Gruber: The thing that to me is most telling and I know that GitHub makes it easy to track all these changes and see how many people for the but to me if you just want a quick look at just how much this is a a collaboration between the Swift team at Apple and the outside world it is the swift evolution mailing list. Where you know you guys have been upfront about this right from Swift 1.0 in 2014 that this is not a finished language we didn't you that you didn't go and finish language and here it is, have it, it's we are still working on this a lot of what will be working on is tell us what you what you need and you're on the mailing list there are people actively engaging and end employees from Apple Chris Lattiner and people on his team are fully engaging with these ideas and proposals that are coming from outside the company already one-week in one week into it being an open source project.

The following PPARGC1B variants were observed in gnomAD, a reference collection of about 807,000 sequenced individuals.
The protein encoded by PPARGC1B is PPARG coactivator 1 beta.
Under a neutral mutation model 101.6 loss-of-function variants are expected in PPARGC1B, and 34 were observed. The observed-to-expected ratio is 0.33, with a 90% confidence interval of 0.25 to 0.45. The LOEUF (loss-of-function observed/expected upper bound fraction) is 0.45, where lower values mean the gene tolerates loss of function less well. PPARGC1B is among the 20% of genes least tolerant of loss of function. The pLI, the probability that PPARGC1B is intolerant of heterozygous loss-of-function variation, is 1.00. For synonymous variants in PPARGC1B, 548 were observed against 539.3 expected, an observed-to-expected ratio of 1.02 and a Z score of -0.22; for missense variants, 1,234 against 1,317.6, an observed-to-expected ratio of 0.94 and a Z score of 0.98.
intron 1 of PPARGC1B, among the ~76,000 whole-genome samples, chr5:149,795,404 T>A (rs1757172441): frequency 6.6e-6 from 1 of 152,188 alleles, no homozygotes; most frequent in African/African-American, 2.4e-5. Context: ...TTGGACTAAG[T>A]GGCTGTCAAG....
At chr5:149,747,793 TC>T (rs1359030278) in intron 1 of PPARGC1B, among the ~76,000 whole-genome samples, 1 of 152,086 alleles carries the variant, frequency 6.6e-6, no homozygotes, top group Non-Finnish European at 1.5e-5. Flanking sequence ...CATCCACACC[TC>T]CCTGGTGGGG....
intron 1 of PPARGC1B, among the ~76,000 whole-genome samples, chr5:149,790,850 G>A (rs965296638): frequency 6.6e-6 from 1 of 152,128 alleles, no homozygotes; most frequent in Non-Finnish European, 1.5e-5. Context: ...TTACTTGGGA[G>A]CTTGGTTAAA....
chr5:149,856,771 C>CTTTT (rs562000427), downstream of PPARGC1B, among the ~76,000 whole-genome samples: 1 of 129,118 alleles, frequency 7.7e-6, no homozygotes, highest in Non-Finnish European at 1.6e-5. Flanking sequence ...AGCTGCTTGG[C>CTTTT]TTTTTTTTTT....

Craig Federighi: Oh yeah I think our team is is a really seasoned team in the world of of developing languages in and we know that a language really can't be developed in a vacuum it's it is a product of how people use it in the problems that people are trying to solve and so we knew from the outset was swift 1.0 that we could come up with the language that the first step you have to crystallize your basic ideas and have a starting point but we knew we needed feedback than to work toward the language that that ultimately Swift has and has become and will become the future but that we we needed to have this kind of open open dialogue and open sourcing is as you say just really accelerating in and deepening the kind of feedback that that were getting in so it's it's really energizing for us I think it's really exciting for a lot of the developers in our community as well be a part of it.
Gruber: What are the other reasons to go open source with a new programming language?